Jeremey Ivey

Photo Credit: Ramon Felix

I often get asked how the hell did you get your wife to marry you? I clearly outkicked the coverage when marrying my wife. I’m not suggesting that’s the case with Jeremy Ivey and Margo Price. But I can empathize with him as steps out of the proverbial shadows to release his solo debut LP.

Any thought that he was riding the coattails of his wife’s career will go right out the window after one spin of his debut. Ivey certainly knows his way around a melody, write great lyrics and has the vocal chops to put those lyrics to great affect. At the age of 41, Ivey has a warm weathered voice that feels good pumping into your earholes.

Inspired by Dylan, Neil Young and Leonard Cohen, Ivey’s nine tracks fit the bill for a later afternoon in the backyard. The album opens with Diamonds Back to Coal, sort of a call to arms on what we’re doing to our land. Ivey’s voice is almost pleading at points, which feels apt with our current state. Margo, who produced the album, joins her hubby for a lovely duet on Greyhound. The road weary tune kicks off a Shovels & Rope feel to it. The album closes on the lovely title track, a piano driven track that takes you home.

Ivey is touring with Ian Noe, him of his own excellent solo LP. That’s a show worth seeing.

Follow me on Twitter at @WoodyHearYa or @HearYa

Jeremy Ivey is here

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Photo Credit: Ramon Felix

Nashville resident, Jeremy Ivey has signed to Anti- Records. He’s released a track to give us an idea of what we have to look forward to when his his debut comes out later this year. Produced by new momma, Margo Price, who also carries the title of Ivey’s better half; this track is quite tasty. More info from the PR team.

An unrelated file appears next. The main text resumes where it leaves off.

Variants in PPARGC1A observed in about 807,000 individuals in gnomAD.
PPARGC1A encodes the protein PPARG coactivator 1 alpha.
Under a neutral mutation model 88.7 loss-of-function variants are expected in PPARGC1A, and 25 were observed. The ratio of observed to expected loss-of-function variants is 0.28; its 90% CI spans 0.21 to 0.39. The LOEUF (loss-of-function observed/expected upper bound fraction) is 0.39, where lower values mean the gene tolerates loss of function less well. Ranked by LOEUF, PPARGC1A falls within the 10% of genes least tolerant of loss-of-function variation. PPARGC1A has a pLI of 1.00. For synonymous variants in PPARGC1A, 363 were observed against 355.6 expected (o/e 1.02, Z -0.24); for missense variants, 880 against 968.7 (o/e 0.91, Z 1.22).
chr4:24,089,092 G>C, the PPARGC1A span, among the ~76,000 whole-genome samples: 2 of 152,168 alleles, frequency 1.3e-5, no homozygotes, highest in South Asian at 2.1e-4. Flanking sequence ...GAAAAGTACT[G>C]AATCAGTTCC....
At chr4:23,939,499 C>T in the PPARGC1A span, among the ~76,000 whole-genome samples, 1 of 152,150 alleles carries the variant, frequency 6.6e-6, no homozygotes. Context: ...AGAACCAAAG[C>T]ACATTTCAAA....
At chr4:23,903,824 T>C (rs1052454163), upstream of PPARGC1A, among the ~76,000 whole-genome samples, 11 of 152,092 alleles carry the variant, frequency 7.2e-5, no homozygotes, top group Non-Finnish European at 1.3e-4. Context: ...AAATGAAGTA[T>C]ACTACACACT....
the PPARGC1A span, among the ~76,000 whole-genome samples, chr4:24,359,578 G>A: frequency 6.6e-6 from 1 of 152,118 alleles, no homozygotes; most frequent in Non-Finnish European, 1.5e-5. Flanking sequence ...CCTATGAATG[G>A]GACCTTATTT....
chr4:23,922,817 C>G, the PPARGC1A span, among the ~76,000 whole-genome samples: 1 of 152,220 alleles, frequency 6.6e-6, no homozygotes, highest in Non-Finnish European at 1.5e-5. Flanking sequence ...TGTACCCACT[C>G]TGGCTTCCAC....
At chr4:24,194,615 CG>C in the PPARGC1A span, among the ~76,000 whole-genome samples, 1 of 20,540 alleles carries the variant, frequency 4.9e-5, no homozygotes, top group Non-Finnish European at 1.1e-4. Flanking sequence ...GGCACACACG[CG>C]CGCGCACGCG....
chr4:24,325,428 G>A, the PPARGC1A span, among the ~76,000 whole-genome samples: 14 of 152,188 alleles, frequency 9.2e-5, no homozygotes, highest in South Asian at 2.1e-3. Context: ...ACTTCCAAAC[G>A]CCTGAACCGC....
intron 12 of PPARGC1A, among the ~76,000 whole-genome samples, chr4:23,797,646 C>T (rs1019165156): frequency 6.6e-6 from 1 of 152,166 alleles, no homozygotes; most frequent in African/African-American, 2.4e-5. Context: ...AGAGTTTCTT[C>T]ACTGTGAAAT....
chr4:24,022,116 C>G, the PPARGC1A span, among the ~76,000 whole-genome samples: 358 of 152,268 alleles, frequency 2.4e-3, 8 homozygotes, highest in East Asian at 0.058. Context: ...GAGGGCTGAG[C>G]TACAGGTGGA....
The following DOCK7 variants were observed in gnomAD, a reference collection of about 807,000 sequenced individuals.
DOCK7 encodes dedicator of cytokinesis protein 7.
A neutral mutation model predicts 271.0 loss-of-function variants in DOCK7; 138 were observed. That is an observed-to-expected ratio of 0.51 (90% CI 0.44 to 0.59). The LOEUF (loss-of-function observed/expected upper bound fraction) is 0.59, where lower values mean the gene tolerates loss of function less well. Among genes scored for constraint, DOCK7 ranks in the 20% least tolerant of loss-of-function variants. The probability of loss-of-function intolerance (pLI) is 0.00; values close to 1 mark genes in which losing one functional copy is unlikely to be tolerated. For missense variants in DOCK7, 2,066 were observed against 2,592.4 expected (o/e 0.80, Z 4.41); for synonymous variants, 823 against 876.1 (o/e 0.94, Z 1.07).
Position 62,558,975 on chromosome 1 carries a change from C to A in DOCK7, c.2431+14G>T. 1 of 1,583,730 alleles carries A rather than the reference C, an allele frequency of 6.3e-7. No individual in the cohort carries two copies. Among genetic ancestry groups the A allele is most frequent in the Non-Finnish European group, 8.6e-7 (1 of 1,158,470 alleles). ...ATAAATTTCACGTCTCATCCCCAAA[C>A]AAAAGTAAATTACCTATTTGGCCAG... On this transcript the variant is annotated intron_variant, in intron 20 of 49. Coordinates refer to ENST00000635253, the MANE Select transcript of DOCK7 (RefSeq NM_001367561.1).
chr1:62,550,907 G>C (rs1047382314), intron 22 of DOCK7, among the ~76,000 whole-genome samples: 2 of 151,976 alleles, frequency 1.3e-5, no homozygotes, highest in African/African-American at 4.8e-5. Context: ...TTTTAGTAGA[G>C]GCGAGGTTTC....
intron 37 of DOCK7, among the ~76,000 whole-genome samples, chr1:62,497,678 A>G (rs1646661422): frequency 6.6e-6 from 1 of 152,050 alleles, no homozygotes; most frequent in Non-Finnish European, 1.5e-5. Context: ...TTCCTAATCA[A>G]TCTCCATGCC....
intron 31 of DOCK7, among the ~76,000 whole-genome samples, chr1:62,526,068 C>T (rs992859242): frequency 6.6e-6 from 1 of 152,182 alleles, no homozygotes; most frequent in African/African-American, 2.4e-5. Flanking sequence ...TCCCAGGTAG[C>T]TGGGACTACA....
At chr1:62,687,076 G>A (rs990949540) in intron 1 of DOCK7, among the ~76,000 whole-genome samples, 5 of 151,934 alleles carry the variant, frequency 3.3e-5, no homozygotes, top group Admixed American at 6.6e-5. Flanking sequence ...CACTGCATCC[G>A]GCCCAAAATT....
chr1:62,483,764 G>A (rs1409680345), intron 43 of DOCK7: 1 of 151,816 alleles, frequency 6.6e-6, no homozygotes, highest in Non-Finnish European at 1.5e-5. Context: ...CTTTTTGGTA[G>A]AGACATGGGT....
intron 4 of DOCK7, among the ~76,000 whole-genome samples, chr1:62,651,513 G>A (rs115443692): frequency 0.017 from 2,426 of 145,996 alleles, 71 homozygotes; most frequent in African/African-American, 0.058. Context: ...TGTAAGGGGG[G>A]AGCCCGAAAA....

Now based in Nashville, Ivey moved away from his conservative Georgia home after high school and bounced around, primarily doing prep work in kitchens. “Story of a Fish” chronicles Ivey’s personal diaspora, specifically relating to his upbringing. “I’m adopted, and I think that I always related with the story of salmon and how they’re born,” he reveals. “The idea of being born far from your home, you know? You were born here, but you gotta get elsewhere. That’s the way I always felt. I always felt that I was born in the wrong place to the wrong people at the wrong time.”

Follow me on Twitter at @WoodyHearYa or @HearYa

Jeremy Ivey is here

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